When they met this week, Leavenworth County commissioners considered paying for a forensic audit as part of an investigation into a theft at the County Treasurer’s Office.


Commissioners ended up taking no action Wednesday.


Leavenworth County Sheriff Andy Dedeke suggested he can meet with Treasurer Janice Van Parys to discuss possible alternatives that may be less expensive and less intrusive.


Dedeke said the Sheriff’s Office has been investigating a theft that was reported in December 2019 by the Treasurer’s Office.


Treasurer Janice Van Parys believes a total of $9,118 was taken from her office. She said the money was taken from a fund with money from the registration of motor vehicles. She said money was taken from transactions that had been voided.


She said the loophole that led to the theft has been closed.


"This was one loophole we were not aware of," she said.


Dedeke said he hopes to determine with certainty the amount of money that was taken and, if possible, who was responsible.


Dedeke said it is not his intention to question the practices of the Treasurer’s Office.


"And I’m not alleging any malpractice," he said.


Dedeke said he is certain a crime occurred, but he does not know the extent of it or who is responsible.


He proposed hiring an accounting firm to conduct the audit. The firm, Swindoll, Janzen, Hawk & Loyd, proposed performing the audit at a cost ranging from $52,500 to $72,750.


Dedeke said the Sheriff’s Office does not have the funding for the audit. He asked commissioners if they were willing to approve funding for it.


"This is an in-depth and an intrusive audit," he said.


He said the audit would require cooperation from the treasurer.


Van Parys said she is not opposed to being audited. But she expressed concerns about the audit proposed by the sheriff.


Van Parys said there is no guarantee the audit proposed would be anything above and beyond earlier audits.


"It’s nothing more than what we already have done," she said.


Van Parys also expressed concern about having the audit at a time when her employees are busy sending out tax statements to residents.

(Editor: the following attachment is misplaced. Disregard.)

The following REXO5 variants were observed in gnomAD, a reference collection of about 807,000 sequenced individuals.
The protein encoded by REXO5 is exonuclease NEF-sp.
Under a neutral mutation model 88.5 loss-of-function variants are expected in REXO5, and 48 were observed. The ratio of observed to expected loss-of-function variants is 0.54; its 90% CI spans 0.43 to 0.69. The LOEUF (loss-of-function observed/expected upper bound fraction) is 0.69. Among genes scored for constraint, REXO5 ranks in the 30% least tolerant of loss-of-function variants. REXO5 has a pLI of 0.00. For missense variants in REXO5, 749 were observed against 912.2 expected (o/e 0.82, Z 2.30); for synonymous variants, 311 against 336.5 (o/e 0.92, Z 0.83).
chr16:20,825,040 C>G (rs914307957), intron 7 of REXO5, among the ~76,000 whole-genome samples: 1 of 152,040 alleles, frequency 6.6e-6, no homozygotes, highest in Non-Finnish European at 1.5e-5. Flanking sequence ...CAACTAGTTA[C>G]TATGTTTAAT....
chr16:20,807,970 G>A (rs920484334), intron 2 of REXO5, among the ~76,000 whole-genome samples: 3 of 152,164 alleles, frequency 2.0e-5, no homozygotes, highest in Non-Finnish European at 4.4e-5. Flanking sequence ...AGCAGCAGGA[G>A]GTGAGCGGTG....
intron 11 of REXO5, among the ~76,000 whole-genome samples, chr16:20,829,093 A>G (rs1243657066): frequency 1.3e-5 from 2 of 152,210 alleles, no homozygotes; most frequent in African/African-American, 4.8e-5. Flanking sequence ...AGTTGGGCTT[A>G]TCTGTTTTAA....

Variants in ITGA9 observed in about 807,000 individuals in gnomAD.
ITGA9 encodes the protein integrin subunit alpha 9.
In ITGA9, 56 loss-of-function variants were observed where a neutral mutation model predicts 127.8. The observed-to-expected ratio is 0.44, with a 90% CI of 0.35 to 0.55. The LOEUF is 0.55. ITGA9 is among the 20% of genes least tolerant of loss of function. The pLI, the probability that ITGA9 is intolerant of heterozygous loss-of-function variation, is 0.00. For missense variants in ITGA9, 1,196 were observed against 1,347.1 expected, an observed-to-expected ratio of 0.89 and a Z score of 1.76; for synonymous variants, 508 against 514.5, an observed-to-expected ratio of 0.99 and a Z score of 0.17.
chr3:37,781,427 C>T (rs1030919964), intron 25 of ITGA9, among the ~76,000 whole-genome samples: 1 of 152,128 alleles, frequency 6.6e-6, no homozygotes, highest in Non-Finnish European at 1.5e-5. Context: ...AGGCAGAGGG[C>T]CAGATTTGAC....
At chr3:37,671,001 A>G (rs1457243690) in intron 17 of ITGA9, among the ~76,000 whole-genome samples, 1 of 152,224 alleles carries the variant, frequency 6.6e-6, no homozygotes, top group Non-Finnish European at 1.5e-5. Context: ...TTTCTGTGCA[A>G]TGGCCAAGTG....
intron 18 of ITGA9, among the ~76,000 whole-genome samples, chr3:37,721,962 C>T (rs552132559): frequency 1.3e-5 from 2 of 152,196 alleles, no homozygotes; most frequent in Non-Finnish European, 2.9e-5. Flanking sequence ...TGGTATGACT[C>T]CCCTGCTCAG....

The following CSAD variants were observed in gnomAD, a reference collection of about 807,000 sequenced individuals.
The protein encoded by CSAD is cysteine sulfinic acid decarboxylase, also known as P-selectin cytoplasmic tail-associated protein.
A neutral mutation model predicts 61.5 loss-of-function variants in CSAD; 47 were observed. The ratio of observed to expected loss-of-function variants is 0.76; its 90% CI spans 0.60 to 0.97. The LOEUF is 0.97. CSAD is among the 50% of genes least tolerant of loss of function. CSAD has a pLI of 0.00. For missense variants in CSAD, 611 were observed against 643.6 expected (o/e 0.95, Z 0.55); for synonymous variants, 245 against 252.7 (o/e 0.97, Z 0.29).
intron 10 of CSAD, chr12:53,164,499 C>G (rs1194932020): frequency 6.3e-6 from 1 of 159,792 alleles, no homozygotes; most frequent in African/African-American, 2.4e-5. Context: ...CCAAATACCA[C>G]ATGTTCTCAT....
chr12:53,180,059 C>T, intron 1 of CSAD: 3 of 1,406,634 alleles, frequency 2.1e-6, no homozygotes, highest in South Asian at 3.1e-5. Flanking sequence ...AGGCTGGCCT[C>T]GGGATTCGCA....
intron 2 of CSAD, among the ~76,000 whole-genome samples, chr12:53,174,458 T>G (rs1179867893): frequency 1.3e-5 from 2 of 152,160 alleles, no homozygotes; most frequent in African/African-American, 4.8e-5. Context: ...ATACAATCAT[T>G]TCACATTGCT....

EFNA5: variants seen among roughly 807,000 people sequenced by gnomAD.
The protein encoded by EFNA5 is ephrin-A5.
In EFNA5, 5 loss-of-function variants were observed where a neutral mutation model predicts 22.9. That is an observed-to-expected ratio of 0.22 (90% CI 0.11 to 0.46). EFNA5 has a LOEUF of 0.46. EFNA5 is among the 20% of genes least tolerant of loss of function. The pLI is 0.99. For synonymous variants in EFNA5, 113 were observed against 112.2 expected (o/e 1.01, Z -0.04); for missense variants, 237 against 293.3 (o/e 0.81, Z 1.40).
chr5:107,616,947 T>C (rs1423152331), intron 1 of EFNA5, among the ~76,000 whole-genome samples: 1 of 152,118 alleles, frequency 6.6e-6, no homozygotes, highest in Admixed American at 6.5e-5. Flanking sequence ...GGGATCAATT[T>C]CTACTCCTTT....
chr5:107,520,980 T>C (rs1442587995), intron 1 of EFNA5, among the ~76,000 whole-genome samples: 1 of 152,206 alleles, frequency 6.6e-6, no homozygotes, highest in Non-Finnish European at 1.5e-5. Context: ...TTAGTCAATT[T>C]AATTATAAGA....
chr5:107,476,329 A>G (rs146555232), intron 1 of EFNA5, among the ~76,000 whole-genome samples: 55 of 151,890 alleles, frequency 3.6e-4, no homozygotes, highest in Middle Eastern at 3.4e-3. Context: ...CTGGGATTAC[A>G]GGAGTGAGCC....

Dedeke said the timing of the audit is not important to him.


"To me, it doesn’t matter when it is done," he said.


Van Parys said she is confident that $9,118 is the amount that was taken. She said the amount was arrived at through research based on recommendations from a contracted auditor.


"Do you want to spend $72,000 to find $10,000?" she said.


Commissioner Chad Schimke said he would be more interested in conducting the new audit to find the person who was responsible for theft.


Van Parys also questioned the proposal of auditing three years instead of only the year of the theft.


"If I truly thought the theft went beyond this, I would have no problem with this," she said.


Ahead of Wednesday’s meeting, Van Parys sent a letter to commissioners. In the letter, she stated the Kansas County Commissioners Association believes the proposed audit would go against Kansas law that makes the county treasurer independent of the direct control of county commissioners.


Commissioner Jeff Culbertson questioned why the County Commission was involved in the investigation.


"She’s an elected official just like us," Culbertson said of the treasurer, "so I’m confused why we’re being asked to get involved in this."


Dedeke said commissioners were being asked to be involved as a funding mechanism for the audit.


He said the county is a victim in the case.


Dedeke said he had believed the treasurer was on board with the audit.


"I was on board until I read it all and I didn’t see that we were going to get more than what we’ve had from previous auditors," she said.


Commissioner Mike Stieben expressed concern that objections to the audit may create a public perception that county officials have something to hide.


"I think your office should be completely open," he said to Van Parys.


Dedeke ended up recommending commissioners take no action during Wednesday’s meeting. The sheriff said he and the treasurer can meet with the investigator working on the case and possibly speak with someone from the accounting firm.


"Maybe there’s another route we can take that’s not as expensive, that’s not as intrusive," Dedeke said.


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